Throwing In The Paper Towel Again

November 19, 2010

After Students Expressing Environmental Dedication (SEED) distributed hand towels to residents on Lander Hall’s eighth floor in a pilot program to reduce waste last year, the organization is gearing up for another test run.

Despite lackluster survey response totals tyring to gauge participation, SEED is planning to pass out hand towels to residents of the north tower of Haggett during winter quarter to reach additional students and gather more student response data.

Memo to All Staff: Dump Your Trash

November 1, 2010

To save money, offices around the U.S. are adding a new chore to their employees' routine: taking out the trash.

Some University of Washington workers began emptying their own baskets in a similar program a decade ago as part of an environmental initiative. But with budgets cut 25% over the past two years, Gene Woodard, the school's director of building services, is expanding the program campus-wide.

 

Sticking it out

October 22, 2010

About a dozen students from the UW’s Earth Club came together yesterday afternoon to wage a war against the more than 2,600 paper-towel dispensers on campus by placing a sticker on every single one.

Earth Club president, Vincent Gonzalez, has been working with faculty and building services to reduce on-campus paper-towel usage and decrease the nearly $180,000 that the campus spent on paper towels in the last academic year.

Don't Students Deserve To Compost?

October 25, 2010

It seems like HFS has set out to prove to residents that composting food and service items from their rooms is a privilege, not a right. And I thought the UW was committed to sustainability.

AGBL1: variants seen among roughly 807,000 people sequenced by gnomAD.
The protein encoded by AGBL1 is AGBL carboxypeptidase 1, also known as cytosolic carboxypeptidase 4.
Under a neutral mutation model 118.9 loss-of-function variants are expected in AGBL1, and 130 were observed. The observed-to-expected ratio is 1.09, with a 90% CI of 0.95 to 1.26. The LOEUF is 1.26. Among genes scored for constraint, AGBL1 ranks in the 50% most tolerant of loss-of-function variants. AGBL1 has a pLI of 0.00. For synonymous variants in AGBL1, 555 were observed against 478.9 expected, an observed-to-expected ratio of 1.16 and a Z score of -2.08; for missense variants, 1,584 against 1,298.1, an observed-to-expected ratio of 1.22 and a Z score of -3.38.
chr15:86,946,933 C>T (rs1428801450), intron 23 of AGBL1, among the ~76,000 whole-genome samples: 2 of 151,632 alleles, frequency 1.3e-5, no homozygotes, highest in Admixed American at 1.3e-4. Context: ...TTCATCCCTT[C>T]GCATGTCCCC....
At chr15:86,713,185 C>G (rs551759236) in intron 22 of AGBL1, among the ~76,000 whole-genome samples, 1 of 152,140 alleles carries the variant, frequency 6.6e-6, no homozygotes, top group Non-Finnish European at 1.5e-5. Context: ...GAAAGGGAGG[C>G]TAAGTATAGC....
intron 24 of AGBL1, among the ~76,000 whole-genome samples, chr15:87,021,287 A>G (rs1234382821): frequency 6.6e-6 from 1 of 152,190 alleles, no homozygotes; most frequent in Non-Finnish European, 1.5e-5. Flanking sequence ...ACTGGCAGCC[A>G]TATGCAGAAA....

Composting is one of the ways that the UW stands out as “green,” in the color’s purest hue. Michael Meyering, HFS manager for Project and Sustainability, said that about 600 tons of waste was composted last school year.

This year, HFS has discontinued keeping compost bins on every floor of Terry, Lander and Haggett Halls in favor of having one bin per residence hall.

Where Are The Bins?

October 19, 2010

Students returning to some residence halls this year may have noticed that there is no longer a compost bin on their floor. Last year, HFS placed compost bins on every floor of Terry, Lander and Haggett halls. But this year, after looking at costs, HFS has ended the one-bin-per-floor system. Each residence-hall building now has one compost bin, bringing composting to some halls for the first time.

UW Announces New Recycling Initiatives

August 31, 2010

The University of Washington announced new recycling and garbage diversion initiatives for the 2010-2011 academic year today. A new in-game promotion called the Green Minute will be unveiled at Husky Stadium, where ushers and stadium management will assist fans in recycling and composting. Additionally, UW has announced a goal of increasing the amount of all waste diverted at football games in Husky Stadium by 10 percent during the 2010 season.

Eco-friendliness is a part of life at UW

May 5, 2010

Although Earth Day 2010 is now a distant memory, there is still cause to celebrate environmental responsibility on campus as the The Princeton Review’s Green Honor Roll awarded the UW a Green Rating of 99, the highest possible score.
 
Earlier this school year, SIERRA Magazine ranked the UW No. 2 on its top-20 “Coolest Schools.” Universities were ranked based on efforts to curb global climate change and reduce waste.
 

Staying Green

April 22, 2010

Forty years ago 1970, a group of UW students collected garbage from home and on campus and brought it to the front of the HUB. There, they separated the trash into several categories — glass, metal, paper and plastic — and returned them to the original producers for reprocessing. Called a Trash-In, these students helped establish UW’s first recycling program.

Staying Green

April 22, 2010

Forty years ago 1970, a group of UW students collected garbage from home and on campus and brought it to the front of the HUB. There, they separated the trash into several categories — glass, metal, paper and plastic — and returned them to the original producers for reprocessing. Called a Trash-In, these students helped establish UW’s first recycling program.